In Conversation with Lane Moore

How to Be Alone is one of those books that was so nice I read it twice. I’m not prone to rereads and have only picked up the same book more than once about a dozen times that I can remember. In this case I was extra intrigued to see how the same material would come across as I’d been forced to spend so much extra time alone over the last several months. Without giving anything away, I’ll say that while the big themes of Lane’s life, in regards to her family especially, are heavy, there is a lot of warmth and humor to be found between the pages. Her words are a light in the darkness of our present reality.



Mel Rosenthal: Hi Lane! It’s great to e-meet you (is that what we’re going with now? I feel like isolation has left me extra awkward of late). I’m excited to learn more about you and your work. To get started, where did you start writing the book, either location-wise or chronologically, did you start at the beginning? What was the spark?


Lane Moore: It took me a while to figure out how to tell the story. I really wanted to speak to how loneliness and isolation had been this throughline throughout my life and affected me profoundly in different ways, that all really informed each other. And I don’t ever see that truly spoken about.


MR: How would you advise anyone working on memoirs or other autobiographical material that might address their families in a less than favorable light? Mary Karr’s The Art of Memoir had some good advice but it’s still an ongoing conversation I have with a fellow writer friend. Where do you draw the proverbial line about how much you will reveal? How much do you consider your story to tell when multiple people are involved? Do your friends/family get to see the first draft, and so on…


LM: I considered it very greatly. The point for me was to compassionately convey, “Hey, here’s why I’ve felt very much alone up until now, because I really was.”



MR: You have so many talents & interests, it was so refreshing to read about you pursuing them all. I have a weird background I get asked about often on job interviews because I studied photography but don’t practice it and I write for myself but professionally I’ve predominantly done administrative work, most recently in advertising, and haven’t pursued any paid writing gigs. I’d love for it to be more acceptable to have such multifaceted interests rather than there be a pressure to pursue only one avenue/industry seriously. Can you speak on how you’ve achieved what you have in writing & in music and how others might find it within themselves to do the same?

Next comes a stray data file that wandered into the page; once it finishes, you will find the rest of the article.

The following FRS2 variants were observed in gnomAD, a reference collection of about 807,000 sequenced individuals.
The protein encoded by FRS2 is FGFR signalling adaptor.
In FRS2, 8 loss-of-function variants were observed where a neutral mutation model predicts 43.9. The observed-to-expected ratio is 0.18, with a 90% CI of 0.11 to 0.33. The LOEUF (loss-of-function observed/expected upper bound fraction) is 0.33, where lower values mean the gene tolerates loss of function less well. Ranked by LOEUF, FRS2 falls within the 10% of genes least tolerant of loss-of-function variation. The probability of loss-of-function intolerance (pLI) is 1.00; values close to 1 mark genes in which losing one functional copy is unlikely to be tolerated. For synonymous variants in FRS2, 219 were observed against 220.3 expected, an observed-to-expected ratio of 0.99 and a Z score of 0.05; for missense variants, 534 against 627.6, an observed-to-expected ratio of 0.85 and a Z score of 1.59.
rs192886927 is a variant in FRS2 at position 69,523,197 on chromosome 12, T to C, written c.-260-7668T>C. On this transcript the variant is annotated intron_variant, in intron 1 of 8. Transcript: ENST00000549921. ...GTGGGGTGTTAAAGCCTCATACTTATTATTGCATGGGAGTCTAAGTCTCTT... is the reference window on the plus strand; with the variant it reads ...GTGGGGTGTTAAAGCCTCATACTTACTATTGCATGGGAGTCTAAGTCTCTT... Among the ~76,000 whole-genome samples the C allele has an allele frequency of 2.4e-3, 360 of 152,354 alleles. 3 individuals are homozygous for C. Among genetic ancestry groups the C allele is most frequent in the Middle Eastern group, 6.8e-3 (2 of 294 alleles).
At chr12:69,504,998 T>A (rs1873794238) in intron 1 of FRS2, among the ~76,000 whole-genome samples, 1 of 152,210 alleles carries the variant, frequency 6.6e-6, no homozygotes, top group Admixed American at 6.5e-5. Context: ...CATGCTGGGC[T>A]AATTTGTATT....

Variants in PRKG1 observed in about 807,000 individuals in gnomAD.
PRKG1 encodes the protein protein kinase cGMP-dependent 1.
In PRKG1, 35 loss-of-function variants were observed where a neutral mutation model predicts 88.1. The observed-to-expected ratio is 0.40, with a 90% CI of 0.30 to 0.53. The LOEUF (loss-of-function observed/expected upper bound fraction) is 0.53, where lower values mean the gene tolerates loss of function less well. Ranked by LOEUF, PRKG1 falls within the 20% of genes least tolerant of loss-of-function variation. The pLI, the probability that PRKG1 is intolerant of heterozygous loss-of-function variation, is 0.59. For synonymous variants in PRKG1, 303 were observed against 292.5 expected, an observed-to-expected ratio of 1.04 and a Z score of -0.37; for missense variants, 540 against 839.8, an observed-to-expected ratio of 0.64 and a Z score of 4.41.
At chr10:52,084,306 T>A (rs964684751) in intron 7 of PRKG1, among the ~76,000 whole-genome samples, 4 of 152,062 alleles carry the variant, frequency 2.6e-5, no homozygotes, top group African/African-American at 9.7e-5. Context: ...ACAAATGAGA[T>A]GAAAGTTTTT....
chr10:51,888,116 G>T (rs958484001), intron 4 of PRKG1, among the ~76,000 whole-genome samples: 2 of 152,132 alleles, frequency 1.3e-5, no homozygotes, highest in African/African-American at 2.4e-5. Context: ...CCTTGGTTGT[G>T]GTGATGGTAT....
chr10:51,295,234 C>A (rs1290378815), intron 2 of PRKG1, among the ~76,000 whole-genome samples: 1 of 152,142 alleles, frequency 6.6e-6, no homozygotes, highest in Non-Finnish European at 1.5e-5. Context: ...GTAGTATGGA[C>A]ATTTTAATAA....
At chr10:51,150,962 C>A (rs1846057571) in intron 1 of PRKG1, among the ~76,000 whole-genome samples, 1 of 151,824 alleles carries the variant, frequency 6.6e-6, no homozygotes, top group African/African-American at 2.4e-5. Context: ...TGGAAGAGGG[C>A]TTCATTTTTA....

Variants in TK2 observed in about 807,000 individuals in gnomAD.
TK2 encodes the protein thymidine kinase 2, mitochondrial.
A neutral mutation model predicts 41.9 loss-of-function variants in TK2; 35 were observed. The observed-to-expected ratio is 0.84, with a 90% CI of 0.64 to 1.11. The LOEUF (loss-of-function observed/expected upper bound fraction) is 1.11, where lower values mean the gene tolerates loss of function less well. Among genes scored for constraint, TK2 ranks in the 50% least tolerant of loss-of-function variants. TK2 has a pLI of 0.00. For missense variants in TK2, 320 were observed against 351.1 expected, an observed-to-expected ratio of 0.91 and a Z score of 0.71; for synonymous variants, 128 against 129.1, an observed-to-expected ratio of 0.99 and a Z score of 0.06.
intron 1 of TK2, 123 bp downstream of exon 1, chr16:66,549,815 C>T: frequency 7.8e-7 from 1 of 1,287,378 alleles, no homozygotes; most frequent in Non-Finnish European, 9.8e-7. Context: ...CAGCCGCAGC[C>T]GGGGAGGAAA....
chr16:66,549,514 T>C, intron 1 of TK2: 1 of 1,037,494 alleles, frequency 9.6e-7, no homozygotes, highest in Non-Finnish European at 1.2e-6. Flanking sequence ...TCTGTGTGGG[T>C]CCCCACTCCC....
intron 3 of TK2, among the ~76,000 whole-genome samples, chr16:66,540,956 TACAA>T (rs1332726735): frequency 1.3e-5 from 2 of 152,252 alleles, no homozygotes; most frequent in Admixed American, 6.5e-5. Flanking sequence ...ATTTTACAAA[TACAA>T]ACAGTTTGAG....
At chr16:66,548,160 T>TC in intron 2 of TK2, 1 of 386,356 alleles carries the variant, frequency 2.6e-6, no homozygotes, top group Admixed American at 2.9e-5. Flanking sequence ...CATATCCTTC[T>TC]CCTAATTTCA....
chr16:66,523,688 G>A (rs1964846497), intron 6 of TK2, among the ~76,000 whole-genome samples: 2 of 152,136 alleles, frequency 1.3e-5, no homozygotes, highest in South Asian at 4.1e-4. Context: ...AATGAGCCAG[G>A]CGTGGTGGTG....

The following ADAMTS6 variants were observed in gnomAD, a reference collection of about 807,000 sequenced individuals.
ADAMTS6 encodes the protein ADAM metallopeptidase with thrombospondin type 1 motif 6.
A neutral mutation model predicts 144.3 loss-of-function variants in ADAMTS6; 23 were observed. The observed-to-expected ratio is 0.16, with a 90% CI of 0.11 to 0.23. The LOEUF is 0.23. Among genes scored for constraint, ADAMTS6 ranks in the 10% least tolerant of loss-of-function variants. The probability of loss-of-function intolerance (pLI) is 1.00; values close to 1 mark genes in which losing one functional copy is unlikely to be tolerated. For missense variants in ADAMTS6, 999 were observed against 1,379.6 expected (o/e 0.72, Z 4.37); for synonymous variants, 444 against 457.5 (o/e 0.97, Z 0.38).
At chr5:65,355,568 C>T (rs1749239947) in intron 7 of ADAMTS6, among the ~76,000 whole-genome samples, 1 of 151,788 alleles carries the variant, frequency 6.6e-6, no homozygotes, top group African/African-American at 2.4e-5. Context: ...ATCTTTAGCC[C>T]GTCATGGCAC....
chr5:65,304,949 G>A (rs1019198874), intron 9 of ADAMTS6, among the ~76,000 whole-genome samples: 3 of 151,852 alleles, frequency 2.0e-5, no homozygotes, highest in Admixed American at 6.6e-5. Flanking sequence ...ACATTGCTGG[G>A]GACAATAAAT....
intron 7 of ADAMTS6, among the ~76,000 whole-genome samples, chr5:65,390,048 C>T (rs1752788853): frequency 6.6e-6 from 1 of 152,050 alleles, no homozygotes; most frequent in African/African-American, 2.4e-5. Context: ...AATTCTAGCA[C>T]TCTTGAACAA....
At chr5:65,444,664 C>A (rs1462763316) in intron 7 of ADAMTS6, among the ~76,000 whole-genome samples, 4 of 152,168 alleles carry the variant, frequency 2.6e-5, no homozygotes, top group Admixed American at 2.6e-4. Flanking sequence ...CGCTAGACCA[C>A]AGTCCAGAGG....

LM: Thank you! It was definitely a struggle to have people understand that I am fully a musician, and fully a comedian, and fully a writer. I’m very grateful that people seem to love all those parts of me. I love hearing “My girlfriend got me into your band It Was Romance, and I got her into your book, and we go to Tinder Live shows together.” That was definitely what I dreamed of when I was writing for The Onion, and playing rock shows, worrying people wouldn’t understand that. So every time they do now, I want to go back in time and tell myself, “Keep going, people will not only get it, they’ll really love it.”



MR: Can we talk about “That Girl: I just get along better with men.” Any thoughts on how we can start throwing away this stereotype and start supporting our girls from a younger age, leading them towards healthy & supportive friendships with other young women rather than constant competition? (I guess this is the long way of asking how we can just smash the goddamn patriarchy already.)